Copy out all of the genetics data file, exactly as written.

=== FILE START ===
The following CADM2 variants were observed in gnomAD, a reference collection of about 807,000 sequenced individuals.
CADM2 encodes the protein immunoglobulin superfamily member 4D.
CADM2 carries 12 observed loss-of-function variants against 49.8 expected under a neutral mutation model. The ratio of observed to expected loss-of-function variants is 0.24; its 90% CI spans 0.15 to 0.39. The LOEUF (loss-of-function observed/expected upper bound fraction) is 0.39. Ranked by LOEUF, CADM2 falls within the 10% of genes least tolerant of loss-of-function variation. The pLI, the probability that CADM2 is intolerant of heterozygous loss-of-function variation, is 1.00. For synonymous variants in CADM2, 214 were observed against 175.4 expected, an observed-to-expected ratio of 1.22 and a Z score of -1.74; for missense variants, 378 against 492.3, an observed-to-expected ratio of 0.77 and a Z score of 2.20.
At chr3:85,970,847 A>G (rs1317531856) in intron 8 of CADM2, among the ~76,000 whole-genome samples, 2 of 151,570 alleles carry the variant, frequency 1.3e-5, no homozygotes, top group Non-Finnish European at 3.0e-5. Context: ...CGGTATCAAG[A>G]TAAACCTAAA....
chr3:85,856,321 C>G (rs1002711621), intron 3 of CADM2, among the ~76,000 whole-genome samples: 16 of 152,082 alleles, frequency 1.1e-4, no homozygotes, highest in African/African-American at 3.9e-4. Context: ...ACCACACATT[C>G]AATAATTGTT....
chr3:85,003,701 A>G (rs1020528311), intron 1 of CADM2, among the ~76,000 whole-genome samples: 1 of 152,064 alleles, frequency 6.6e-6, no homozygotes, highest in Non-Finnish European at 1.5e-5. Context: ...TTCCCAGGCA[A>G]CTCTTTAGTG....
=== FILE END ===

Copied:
The following CADM2 variants were observed in gnomAD, a reference collection of about 807,000 sequenced individuals.
CADM2 encodes the protein immunoglobulin superfamily member 4D.
CADM2 carries 12 observed loss-of-function variants against 49.8 expected under a neutral mutation model. The ratio of observed to expected loss-of-function variants is 0.24; its 90% CI spans 0.15 to 0.39. The LOEUF (loss-of-function observed/expected upper bound fraction) is 0.39. Ranked by LOEUF, CADM2 falls within the 10% of genes least tolerant of loss-of-function variation. The pLI, the probability that CADM2 is intolerant of heterozygous loss-of-function variation, is 1.00. For synonymous variants in CADM2, 214 were observed against 175.4 expected, an observed-to-expected ratio of 1.22 and a Z score of -1.74; for missense variants, 378 against 492.3, an observed-to-expected ratio of 0.77 and a Z score of 2.20.
At chr3:85,970,847 A>G (rs1317531856) in intron 8 of CADM2, among the ~76,000 whole-genome samples, 2 of 151,570 alleles carry the variant, frequency 1.3e-5, no homozygotes, top group Non-Finnish European at 3.0e-5. Context: ...CGGTATCAAG[A>G]TAAACCTAAA....
chr3:85,856,321 C>G (rs1002711621), intron 3 of CADM2, among the ~76,000 whole-genome samples: 16 of 152,082 alleles, frequency 1.1e-4, no homozygotes, highest in African/African-American at 3.9e-4. Context: ...ACCACACATT[C>G]AATAATTGTT....
chr3:85,003,701 A>G (rs1020528311), intron 1 of CADM2, among the ~76,000 whole-genome samples: 1 of 152,064 alleles, frequency 6.6e-6, no homozygotes, highest in Non-Finnish European at 1.5e-5. Context: ...TTCCCAGGCA[A>G]CTCTTTAGTG....